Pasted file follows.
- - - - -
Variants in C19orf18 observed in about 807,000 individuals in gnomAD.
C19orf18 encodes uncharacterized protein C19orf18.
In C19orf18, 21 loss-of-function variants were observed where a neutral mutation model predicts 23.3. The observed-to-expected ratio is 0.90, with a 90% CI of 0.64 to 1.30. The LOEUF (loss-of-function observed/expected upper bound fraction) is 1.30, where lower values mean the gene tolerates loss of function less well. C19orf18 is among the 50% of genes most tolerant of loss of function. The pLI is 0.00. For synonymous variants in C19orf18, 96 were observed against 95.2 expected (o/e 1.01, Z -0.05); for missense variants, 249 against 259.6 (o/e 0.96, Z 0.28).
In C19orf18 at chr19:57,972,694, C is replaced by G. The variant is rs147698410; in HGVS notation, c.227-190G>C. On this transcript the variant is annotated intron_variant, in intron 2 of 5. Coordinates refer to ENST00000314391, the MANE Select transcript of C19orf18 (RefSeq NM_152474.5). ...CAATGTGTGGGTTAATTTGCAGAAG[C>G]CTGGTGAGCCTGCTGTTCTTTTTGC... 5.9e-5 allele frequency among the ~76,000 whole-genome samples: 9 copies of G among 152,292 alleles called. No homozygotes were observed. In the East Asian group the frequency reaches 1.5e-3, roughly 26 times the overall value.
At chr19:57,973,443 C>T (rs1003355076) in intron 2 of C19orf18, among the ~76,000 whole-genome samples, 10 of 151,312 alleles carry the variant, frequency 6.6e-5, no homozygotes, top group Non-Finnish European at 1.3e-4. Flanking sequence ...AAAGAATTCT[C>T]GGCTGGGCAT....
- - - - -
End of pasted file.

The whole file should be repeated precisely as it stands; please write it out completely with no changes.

Variants in C19orf18 observed in about 807,000 individuals in gnomAD.
C19orf18 encodes uncharacterized protein C19orf18.
In C19orf18, 21 loss-of-function variants were observed where a neutral mutation model predicts 23.3. The observed-to-expected ratio is 0.90, with a 90% CI of 0.64 to 1.30. The LOEUF (loss-of-function observed/expected upper bound fraction) is 1.30, where lower values mean the gene tolerates loss of function less well. C19orf18 is among the 50% of genes most tolerant of loss of function. The pLI is 0.00. For synonymous variants in C19orf18, 96 were observed against 95.2 expected (o/e 1.01, Z -0.05); for missense variants, 249 against 259.6 (o/e 0.96, Z 0.28).
In C19orf18 at chr19:57,972,694, C is replaced by G. The variant is rs147698410; in HGVS notation, c.227-190G>C. On this transcript the variant is annotated intron_variant, in intron 2 of 5. Coordinates refer to ENST00000314391, the MANE Select transcript of C19orf18 (RefSeq NM_152474.5). ...CAATGTGTGGGTTAATTTGCAGAAG[C>G]CTGGTGAGCCTGCTGTTCTTTTTGC... 5.9e-5 allele frequency among the ~76,000 whole-genome samples: 9 copies of G among 152,292 alleles called. No homozygotes were observed. In the East Asian group the frequency reaches 1.5e-3, roughly 26 times the overall value.
At chr19:57,973,443 C>T (rs1003355076) in intron 2 of C19orf18, among the ~76,000 whole-genome samples, 10 of 151,312 alleles carry the variant, frequency 6.6e-5, no homozygotes, top group Non-Finnish European at 1.3e-4. Flanking sequence ...AAAGAATTCT[C>T]GGCTGGGCAT....